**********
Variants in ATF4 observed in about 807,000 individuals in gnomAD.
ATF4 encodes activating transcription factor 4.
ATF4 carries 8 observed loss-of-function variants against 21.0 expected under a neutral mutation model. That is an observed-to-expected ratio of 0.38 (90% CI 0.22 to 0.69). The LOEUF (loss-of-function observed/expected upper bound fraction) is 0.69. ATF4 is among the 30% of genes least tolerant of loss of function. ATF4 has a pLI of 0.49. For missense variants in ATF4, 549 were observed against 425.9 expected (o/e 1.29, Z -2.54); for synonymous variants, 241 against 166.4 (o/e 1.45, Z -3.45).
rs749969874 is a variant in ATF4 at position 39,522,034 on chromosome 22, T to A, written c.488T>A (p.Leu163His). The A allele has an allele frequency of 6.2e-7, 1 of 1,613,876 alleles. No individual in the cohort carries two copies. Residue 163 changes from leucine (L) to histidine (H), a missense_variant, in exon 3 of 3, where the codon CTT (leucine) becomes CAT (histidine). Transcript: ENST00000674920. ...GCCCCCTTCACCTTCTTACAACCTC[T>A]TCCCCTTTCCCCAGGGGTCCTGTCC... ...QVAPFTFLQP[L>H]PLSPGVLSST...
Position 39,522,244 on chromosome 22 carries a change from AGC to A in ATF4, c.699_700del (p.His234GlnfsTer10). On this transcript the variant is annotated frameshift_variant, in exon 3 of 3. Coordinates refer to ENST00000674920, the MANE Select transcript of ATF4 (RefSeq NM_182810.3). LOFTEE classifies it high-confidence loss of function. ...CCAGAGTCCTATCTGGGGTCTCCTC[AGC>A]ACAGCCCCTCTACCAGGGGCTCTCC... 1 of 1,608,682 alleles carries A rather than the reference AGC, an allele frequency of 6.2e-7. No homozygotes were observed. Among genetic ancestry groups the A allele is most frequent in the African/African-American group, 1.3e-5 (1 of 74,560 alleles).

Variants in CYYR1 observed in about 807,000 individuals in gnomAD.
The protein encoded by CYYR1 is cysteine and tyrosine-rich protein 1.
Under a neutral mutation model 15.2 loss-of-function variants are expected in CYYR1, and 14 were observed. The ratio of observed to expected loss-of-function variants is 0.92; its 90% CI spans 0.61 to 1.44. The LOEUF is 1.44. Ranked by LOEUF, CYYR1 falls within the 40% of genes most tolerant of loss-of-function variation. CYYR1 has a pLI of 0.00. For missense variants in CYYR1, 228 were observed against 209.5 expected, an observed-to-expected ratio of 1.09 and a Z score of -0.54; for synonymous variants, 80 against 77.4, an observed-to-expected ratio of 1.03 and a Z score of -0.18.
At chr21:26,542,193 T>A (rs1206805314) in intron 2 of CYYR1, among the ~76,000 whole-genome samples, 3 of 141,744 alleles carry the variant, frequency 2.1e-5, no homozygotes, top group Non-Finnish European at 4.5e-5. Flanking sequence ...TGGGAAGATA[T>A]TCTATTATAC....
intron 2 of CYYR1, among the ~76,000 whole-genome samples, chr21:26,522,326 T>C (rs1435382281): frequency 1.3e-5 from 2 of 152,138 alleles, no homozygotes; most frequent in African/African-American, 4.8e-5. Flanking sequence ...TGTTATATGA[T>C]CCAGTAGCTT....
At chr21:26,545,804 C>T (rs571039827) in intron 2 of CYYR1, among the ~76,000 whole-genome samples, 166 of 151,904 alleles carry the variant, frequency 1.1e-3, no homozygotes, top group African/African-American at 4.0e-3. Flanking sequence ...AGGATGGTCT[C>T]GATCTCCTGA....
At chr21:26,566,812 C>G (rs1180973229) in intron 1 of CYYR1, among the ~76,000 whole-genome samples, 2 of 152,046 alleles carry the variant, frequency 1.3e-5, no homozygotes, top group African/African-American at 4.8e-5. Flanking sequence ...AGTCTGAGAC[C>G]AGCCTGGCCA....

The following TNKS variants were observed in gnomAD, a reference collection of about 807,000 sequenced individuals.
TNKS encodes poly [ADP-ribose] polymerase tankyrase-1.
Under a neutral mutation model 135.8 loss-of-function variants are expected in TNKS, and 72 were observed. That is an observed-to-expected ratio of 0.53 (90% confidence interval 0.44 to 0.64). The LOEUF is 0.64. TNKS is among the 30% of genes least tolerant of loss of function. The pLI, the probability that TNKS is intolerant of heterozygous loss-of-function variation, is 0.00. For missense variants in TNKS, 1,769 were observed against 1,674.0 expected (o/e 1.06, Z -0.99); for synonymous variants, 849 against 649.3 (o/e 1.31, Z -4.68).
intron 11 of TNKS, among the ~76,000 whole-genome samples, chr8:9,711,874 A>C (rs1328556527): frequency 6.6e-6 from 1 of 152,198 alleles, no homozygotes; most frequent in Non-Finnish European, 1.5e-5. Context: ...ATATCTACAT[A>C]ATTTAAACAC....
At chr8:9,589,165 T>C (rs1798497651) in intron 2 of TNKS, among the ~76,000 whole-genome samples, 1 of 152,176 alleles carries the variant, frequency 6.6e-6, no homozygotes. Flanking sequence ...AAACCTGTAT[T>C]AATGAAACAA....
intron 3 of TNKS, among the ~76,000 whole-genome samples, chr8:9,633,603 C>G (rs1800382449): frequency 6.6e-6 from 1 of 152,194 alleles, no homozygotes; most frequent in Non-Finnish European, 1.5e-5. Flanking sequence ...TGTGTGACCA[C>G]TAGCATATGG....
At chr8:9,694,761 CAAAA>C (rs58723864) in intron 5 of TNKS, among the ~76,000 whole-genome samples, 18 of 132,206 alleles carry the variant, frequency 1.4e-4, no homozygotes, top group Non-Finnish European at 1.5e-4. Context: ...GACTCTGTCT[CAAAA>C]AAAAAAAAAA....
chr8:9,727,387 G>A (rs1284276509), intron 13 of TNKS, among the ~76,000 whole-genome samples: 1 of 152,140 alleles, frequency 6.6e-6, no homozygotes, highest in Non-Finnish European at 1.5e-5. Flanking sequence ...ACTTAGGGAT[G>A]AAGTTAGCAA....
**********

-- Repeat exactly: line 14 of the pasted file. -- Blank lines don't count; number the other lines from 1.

TNKS encodes poly [ADP-ribose] polymerase tankyrase-1.